BENGALURU: Alarming news comes from police records with 101 missing girls in Bengaluru remaining untraced since 2011.
Though Bengaluru girl Puujita who went missing was eventually found, her case brings sharp focus back on missing children.
As per the Bengaluru City Police records, 3,515 boys and 1,958 girls went missing from the city since 2011. Police have managed to trace 5,116 children of the total 5,473 missing cases but 356 children including 101 girls remain untraced since 2011.
However, the finding rate down the years shows some improvement. For instance, in 2011, 695 girls went missing, 655 were traced and 40 untraced while in 2014, 103 girls went missing, 90 were found and 13 untraced. In the previous years too, the numbers show a declining trend. In 2016 till August, however, 14 girls were reported missing, eight were found and six untraced.
Police records also show there is an overall decline in the number of missing children in the city — from 1,496 cases in 2011 to 576 in 2015. A senior police officer said this is because of awareness and enforcement. “Parents should also keep an eye on their children and also spend enough time with them. We are also taking steps to trace the remaining missing children,” he said.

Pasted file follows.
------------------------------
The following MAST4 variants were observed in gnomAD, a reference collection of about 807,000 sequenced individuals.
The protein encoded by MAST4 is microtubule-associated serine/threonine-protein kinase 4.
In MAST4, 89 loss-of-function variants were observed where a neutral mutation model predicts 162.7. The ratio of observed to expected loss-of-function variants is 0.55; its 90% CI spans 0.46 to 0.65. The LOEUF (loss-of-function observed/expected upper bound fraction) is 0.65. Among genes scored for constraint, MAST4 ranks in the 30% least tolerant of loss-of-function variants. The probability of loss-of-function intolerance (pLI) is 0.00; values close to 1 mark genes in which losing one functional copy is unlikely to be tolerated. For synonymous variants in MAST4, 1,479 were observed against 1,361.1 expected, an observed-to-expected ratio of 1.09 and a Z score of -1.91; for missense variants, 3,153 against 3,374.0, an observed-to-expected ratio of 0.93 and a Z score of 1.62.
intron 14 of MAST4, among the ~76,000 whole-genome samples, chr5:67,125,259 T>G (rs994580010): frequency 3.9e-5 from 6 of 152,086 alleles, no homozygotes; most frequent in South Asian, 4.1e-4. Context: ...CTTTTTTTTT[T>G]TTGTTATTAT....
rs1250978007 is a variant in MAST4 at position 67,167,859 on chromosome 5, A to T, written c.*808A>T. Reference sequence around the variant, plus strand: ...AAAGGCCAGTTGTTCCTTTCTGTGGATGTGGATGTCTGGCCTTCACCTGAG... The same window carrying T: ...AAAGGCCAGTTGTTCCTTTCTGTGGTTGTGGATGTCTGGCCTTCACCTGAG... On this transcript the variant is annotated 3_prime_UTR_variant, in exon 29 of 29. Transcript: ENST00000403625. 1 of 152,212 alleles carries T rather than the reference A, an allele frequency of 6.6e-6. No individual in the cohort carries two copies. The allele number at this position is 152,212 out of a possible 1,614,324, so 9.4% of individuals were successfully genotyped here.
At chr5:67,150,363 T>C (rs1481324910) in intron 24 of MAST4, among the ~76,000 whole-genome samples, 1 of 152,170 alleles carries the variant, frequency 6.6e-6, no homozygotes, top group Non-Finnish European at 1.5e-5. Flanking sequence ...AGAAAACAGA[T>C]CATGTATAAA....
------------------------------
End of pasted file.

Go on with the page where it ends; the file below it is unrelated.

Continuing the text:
Experts say peer pressure, elopement cases, academic pressure, losing their way, family circumstances and scolding by parents are the main reasons for runaway cases.
Matthew Thomas, executive director of Bangalore Oniyavara Seva Coota (BOSCO), said several missing cases go unreported. “Many affluent families still don’t register a police complaint for fear of social stigma. Family problems and inadequate time to spend with their children are the main reasons for children running away from houses,” he said.
BOSCO receives a majority of the runaway children in the city from Majestic (railway station and bus terminus), K R Market and other BMTC depots. Most of them come from poor families. Child trafficking continues to be prevalent in the city, said Thomas, adding, “Many of these racketeers promise these kids hefty salaries and a good life and make them work in hotels and small establishments.”